now, and can say that all their meads are excellent!

Oh, and congratulations on your handfasting!

Blessed Be,

Got Mead?

Vicky Rowe
Blue Moon Winery
meadwench, mommy, computer geek

ICQ: 9033759 IM: MeadWench
Current meads in process: strawberry, heather,
vanilla, peach, spiced cyser, blueberry, spice mead,
cherry, sourwood, rhubarb……..

Subject: Mead Organization Thoughts
From: Paul Gatza <>
Date: Tue, 29 Jun 1999 10:53:54 -0600

Here is a little more background on the AMA and my thoughts on the
creation of a new mead organization. The AMA was set up as a for-profit
organization. Although it functioned more like a non-profit, once it's
intentions turned towards a for-profit direction, I feel like it could
still promote mead, but not represent the interests of meadmakers.

A high percentage of the 450 or so names from the old AMA mailing list
are probably obsolete and make the list not very valuable.

What services could a new organization provide that are not already
being served by this free, friendly digest and the Mazer Cup
competition? Not enough in my opinion to offset the costs needed to get
the organization and programs functional. I looked at the possibility
both as a participant in the attempt to resurrect the AMA and as AHA
director for a potential AHA program. I don't believe there is not
enough backing, desire or need of the mead community to pay for a new
organization. Perhaps, volunteer-only committees built here could run
programs, such as an annual meadmakers gathering. Mr. Dunn is to be
commended for his ongoing work here. His commitment is the type
necessary to build a larger mead community.

Paul Gatza
American Homebrewers Association (303) 447-0816 x 122
736 Pearl Street (303) 447-2825 — FAX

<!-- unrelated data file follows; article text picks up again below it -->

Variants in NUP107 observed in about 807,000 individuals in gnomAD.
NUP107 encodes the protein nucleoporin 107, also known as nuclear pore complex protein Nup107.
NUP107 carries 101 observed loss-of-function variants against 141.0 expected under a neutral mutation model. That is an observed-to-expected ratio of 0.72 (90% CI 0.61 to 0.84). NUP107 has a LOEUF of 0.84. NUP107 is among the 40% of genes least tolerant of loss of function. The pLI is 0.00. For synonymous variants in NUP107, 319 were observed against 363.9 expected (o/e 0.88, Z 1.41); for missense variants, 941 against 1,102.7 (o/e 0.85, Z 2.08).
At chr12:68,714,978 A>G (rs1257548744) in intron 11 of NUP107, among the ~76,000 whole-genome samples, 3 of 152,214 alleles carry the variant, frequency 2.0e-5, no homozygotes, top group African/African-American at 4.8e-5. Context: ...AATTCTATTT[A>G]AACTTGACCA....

PO Box 1679 — E-MAIL
Boulder, CO 80306-1679 — AOB INFO
U.S.A. — WEB

Subject: re: Thoughts on a new Mead Organisation....
From: (Dick Dunn)
Date: 29 Jun 99 11:09:15 MDT (Tue)

Yacko Warner Yacko (???) <> wrote:

> Also of note, doesnt the AHA have a mead section, at least for judging?
> Could we not possibly pour our efforts into that division of the AHA?

AHA does have mead categories (and even cider categories) in its homebrew
competitions. But it seems like every reason for an alliance with the AHA
on mead has two opposing, nearly-equally-strong sides. For example:

* Connecting the mead community with the AHA joins us with a much larger
and better-established group. But will we be the ugly stepchild,
merely a curiosity in that community rather than a mainstream item?
The AHA benefits from having a broader spectrum of categories, but do
mead-makers benefit from the association with the AHA?
* Homebrewing is falling on hard times as the hobby is losing some old
brewers and not doing very well at gaining new ones. Homebrew shops
are closing, and this means more than just the young ones that had
opened trying to ride the cresting wave of homebrewing a few years ago.
The AHA is going to have to "focus on its core competency" as the
saying goes. Is mead a potential help to the AHA (a way to draw more
members) or will it prove to be so far off to the side that the AHA
will do better to jettison it?
* Is there really that much synergy? Yes, beer and mead are both fer-
mented beverages, use some of the same equipment, and have some of the
same problems. But if you've followed the MLD for a while, you know
that various brewer's-only topics–HSA and light-skunking, to mention
just two–keep coming up here. If you look at the numerical criteria
associated with the AHA judging categories, you see several columns of
"n/a" in the mead categories: final gravity, IBUs, color. And I
wonder how many judges can really hope to understand both beer and mead
well enough.

Personally, I think that associating with the AHA is of marginal value at
best. I feel that the AHA has overextended itself in the competition cate-
gories. Braggot obviously fits; traditional meads are on the edge,
melomels and metheglins are a reach. (The AHA even attempts to include
cider, which isn't brewed at all and which is qualitatively different.
That's a different topic for a different digest, but I mention it to point
out the range of categories they're attempting to cover, and to illustrate
why I think they may be forced to pull back.)

Dick Dunn Hygiene, Colorado USA

…Lately it occurs to me what a long, strange trip it's been.

Subject: Carboy size and Irish Moss
From: "Stephen J. Van der Hoven" <>
Date: Tue, 29 Jun 1999 11:18:09 -0600

Ernie asked: "When you make mead using recipes for 3 or 1 gallon, is